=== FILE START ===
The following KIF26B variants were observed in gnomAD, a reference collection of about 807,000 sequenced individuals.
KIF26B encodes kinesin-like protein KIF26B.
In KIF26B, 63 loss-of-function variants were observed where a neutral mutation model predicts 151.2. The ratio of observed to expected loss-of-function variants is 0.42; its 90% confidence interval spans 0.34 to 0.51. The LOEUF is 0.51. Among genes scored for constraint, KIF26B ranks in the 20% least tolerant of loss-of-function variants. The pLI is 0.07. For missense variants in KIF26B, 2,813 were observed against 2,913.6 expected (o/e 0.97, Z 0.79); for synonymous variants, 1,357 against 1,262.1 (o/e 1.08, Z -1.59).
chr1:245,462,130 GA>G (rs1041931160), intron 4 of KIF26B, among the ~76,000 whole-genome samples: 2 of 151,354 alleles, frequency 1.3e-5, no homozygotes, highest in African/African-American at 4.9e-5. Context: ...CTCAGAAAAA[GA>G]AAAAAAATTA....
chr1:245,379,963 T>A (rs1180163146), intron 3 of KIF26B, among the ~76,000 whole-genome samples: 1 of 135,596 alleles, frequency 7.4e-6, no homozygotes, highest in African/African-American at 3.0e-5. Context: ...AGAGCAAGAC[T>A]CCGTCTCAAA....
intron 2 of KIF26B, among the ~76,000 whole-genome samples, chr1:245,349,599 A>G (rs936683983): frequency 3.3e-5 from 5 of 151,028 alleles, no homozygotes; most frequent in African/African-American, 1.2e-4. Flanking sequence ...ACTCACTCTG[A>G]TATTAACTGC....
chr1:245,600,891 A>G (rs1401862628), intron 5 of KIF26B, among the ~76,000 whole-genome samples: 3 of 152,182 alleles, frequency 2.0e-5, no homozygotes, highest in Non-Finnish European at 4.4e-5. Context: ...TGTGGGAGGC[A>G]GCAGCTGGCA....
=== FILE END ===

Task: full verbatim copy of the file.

The following KIF26B variants were observed in gnomAD, a reference collection of about 807,000 sequenced individuals.
KIF26B encodes kinesin-like protein KIF26B.
In KIF26B, 63 loss-of-function variants were observed where a neutral mutation model predicts 151.2. The ratio of observed to expected loss-of-function variants is 0.42; its 90% confidence interval spans 0.34 to 0.51. The LOEUF is 0.51. Among genes scored for constraint, KIF26B ranks in the 20% least tolerant of loss-of-function variants. The pLI is 0.07. For missense variants in KIF26B, 2,813 were observed against 2,913.6 expected (o/e 0.97, Z 0.79); for synonymous variants, 1,357 against 1,262.1 (o/e 1.08, Z -1.59).
chr1:245,462,130 GA>G (rs1041931160), intron 4 of KIF26B, among the ~76,000 whole-genome samples: 2 of 151,354 alleles, frequency 1.3e-5, no homozygotes, highest in African/African-American at 4.9e-5. Context: ...CTCAGAAAAA[GA>G]AAAAAAATTA....
chr1:245,379,963 T>A (rs1180163146), intron 3 of KIF26B, among the ~76,000 whole-genome samples: 1 of 135,596 alleles, frequency 7.4e-6, no homozygotes, highest in African/African-American at 3.0e-5. Context: ...AGAGCAAGAC[T>A]CCGTCTCAAA....
intron 2 of KIF26B, among the ~76,000 whole-genome samples, chr1:245,349,599 A>G (rs936683983): frequency 3.3e-5 from 5 of 151,028 alleles, no homozygotes; most frequent in African/African-American, 1.2e-4. Flanking sequence ...ACTCACTCTG[A>G]TATTAACTGC....
chr1:245,600,891 A>G (rs1401862628), intron 5 of KIF26B, among the ~76,000 whole-genome samples: 3 of 152,182 alleles, frequency 2.0e-5, no homozygotes, highest in Non-Finnish European at 4.4e-5. Context: ...TGTGGGAGGC[A>G]GCAGCTGGCA....